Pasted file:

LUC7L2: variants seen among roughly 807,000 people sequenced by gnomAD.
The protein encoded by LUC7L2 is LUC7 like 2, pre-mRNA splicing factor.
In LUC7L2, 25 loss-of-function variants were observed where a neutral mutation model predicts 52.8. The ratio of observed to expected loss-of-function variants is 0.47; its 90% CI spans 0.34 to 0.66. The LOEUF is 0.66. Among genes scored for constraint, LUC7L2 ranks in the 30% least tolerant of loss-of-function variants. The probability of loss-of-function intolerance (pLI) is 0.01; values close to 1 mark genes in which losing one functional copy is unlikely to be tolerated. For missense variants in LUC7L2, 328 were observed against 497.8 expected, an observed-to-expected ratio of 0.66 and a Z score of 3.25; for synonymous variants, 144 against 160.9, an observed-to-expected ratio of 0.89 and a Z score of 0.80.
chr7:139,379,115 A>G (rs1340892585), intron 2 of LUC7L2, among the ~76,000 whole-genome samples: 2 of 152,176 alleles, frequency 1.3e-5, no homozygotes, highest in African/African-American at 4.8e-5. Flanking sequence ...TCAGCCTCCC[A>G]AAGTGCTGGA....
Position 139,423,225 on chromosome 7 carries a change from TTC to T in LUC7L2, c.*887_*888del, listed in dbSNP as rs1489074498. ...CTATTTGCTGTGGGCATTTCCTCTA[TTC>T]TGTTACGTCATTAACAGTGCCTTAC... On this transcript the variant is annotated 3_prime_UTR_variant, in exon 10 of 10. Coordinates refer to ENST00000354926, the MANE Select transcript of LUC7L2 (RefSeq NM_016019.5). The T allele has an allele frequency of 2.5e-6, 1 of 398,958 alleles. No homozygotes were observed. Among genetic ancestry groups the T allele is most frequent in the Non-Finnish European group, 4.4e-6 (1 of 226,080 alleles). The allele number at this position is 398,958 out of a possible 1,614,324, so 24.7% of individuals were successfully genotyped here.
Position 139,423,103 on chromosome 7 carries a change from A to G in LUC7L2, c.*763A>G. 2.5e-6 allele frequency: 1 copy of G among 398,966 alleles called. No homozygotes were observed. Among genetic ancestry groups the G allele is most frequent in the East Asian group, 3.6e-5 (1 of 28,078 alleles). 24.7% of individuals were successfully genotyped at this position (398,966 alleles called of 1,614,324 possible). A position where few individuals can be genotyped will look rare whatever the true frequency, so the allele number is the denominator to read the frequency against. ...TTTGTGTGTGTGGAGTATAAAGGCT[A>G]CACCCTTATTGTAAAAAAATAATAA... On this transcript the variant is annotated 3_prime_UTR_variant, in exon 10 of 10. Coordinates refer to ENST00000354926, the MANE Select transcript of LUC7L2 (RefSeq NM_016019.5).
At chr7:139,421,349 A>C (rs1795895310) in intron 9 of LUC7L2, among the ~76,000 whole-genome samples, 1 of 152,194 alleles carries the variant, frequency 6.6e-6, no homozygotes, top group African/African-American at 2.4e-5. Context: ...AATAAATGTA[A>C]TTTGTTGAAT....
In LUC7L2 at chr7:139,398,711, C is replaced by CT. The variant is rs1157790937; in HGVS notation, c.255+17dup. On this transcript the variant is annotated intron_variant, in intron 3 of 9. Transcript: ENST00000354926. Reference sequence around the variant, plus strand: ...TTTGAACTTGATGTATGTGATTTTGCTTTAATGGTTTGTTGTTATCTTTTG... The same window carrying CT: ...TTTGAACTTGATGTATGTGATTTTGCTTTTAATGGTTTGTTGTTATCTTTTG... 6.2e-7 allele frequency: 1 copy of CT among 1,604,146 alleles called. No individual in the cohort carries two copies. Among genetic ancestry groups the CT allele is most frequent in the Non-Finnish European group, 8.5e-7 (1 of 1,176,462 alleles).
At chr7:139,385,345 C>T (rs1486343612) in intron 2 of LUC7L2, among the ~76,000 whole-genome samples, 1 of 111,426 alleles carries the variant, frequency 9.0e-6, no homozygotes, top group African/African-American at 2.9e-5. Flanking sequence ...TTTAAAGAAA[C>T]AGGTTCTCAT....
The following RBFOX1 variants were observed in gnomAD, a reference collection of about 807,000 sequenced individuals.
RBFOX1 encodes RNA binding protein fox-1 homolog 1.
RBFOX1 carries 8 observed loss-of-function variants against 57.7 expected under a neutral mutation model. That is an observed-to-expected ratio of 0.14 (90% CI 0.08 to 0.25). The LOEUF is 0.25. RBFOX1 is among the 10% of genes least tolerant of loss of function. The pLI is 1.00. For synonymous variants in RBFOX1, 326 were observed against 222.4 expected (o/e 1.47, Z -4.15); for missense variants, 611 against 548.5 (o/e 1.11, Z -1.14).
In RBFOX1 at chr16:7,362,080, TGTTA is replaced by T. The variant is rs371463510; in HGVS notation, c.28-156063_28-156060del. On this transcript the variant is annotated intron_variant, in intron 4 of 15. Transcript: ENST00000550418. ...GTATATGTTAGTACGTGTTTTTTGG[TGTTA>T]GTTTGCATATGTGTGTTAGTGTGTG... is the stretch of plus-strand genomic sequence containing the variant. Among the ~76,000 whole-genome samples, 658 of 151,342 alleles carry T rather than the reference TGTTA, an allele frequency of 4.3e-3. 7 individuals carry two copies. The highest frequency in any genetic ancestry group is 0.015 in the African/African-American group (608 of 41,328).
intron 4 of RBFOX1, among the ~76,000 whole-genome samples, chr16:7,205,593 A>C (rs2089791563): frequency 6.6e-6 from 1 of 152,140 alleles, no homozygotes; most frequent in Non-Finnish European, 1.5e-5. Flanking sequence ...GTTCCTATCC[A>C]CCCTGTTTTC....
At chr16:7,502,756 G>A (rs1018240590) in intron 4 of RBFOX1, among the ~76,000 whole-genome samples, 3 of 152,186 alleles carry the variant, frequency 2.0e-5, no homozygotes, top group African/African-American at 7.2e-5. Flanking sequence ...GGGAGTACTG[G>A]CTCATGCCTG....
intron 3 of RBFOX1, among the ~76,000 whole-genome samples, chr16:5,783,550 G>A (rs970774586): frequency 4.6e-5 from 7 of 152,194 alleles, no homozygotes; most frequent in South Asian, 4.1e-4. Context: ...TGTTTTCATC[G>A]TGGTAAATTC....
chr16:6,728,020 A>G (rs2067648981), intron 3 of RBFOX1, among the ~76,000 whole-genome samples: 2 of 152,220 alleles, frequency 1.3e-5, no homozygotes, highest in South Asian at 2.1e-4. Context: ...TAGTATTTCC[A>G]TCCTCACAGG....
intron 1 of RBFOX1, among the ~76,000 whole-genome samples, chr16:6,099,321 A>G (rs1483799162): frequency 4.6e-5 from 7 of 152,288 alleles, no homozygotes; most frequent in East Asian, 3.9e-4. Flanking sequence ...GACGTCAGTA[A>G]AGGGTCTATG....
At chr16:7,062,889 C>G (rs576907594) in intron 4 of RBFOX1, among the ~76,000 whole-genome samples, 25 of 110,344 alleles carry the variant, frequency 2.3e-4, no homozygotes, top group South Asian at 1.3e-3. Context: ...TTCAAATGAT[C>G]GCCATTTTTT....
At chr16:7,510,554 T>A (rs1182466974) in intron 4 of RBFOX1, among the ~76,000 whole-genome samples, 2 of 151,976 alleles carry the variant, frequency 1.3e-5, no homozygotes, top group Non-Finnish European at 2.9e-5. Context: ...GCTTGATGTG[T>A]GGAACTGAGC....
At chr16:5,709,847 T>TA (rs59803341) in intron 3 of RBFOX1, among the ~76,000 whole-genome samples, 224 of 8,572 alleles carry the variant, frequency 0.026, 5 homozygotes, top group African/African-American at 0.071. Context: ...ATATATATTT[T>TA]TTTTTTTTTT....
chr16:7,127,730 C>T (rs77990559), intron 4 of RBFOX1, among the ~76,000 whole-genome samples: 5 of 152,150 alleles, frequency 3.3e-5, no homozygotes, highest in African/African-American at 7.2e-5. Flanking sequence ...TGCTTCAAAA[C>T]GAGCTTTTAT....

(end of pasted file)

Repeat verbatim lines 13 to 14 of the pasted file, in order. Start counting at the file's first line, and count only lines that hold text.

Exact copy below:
In RBFOX1 at chr16:7,362,080, TGTTA is replaced by T. The variant is rs371463510; in HGVS notation, c.28-156063_28-156060del. On this transcript the variant is annotated intron_variant, in intron 4 of 15. Transcript: ENST00000550418. ...GTATATGTTAGTACGTGTTTTTTGG[TGTTA>T]GTTTGCATATGTGTGTTAGTGTGTG... is the stretch of plus-strand genomic sequence containing the variant. Among the ~76,000 whole-genome samples, 658 of 151,342 alleles carry T rather than the reference TGTTA, an allele frequency of 4.3e-3. 7 individuals carry two copies. The highest frequency in any genetic ancestry group is 0.015 in the African/African-American group (608 of 41,328).
intron 4 of RBFOX1, among the ~76,000 whole-genome samples, chr16:7,205,593 A>C (rs2089791563): frequency 6.6e-6 from 1 of 152,140 alleles, no homozygotes; most frequent in Non-Finnish European, 1.5e-5. Flanking sequence ...GTTCCTATCC[A>C]CCCTGTTTTC....